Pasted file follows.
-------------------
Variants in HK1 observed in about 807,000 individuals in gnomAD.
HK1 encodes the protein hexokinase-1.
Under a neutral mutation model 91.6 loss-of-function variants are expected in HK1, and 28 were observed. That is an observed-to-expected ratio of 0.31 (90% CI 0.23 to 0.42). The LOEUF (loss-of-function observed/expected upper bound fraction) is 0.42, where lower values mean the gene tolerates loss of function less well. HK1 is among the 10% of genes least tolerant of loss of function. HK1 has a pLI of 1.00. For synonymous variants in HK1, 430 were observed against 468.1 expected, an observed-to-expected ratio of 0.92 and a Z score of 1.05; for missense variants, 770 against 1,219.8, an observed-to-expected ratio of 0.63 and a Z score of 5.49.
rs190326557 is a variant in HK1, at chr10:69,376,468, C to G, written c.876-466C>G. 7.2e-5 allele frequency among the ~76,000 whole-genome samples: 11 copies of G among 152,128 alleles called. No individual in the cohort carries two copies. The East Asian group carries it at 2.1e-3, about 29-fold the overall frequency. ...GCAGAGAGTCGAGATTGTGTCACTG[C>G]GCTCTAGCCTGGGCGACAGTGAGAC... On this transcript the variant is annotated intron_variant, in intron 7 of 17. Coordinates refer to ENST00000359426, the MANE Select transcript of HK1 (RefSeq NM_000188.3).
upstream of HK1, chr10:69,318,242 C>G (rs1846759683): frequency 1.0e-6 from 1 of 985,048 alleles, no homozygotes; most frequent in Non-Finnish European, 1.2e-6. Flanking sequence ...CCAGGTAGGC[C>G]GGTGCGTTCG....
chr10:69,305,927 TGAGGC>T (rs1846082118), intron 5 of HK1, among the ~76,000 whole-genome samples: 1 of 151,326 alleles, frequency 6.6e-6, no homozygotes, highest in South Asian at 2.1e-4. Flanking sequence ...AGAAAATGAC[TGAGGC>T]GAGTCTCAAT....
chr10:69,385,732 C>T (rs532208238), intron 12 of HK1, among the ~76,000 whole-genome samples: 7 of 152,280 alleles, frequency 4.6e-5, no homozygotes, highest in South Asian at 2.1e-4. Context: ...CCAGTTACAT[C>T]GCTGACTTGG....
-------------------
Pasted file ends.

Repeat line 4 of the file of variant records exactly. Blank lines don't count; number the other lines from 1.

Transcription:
rs190326557 is a variant in HK1, at chr10:69,376,468, C to G, written c.876-466C>G. 7.2e-5 allele frequency among the ~76,000 whole-genome samples: 11 copies of G among 152,128 alleles called. No individual in the cohort carries two copies. The East Asian group carries it at 2.1e-3, about 29-fold the overall frequency. ...GCAGAGAGTCGAGATTGTGTCACTG[C>G]GCTCTAGCCTGGGCGACAGTGAGAC... On this transcript the variant is annotated intron_variant, in intron 7 of 17. Coordinates refer to ENST00000359426, the MANE Select transcript of HK1 (RefSeq NM_000188.3).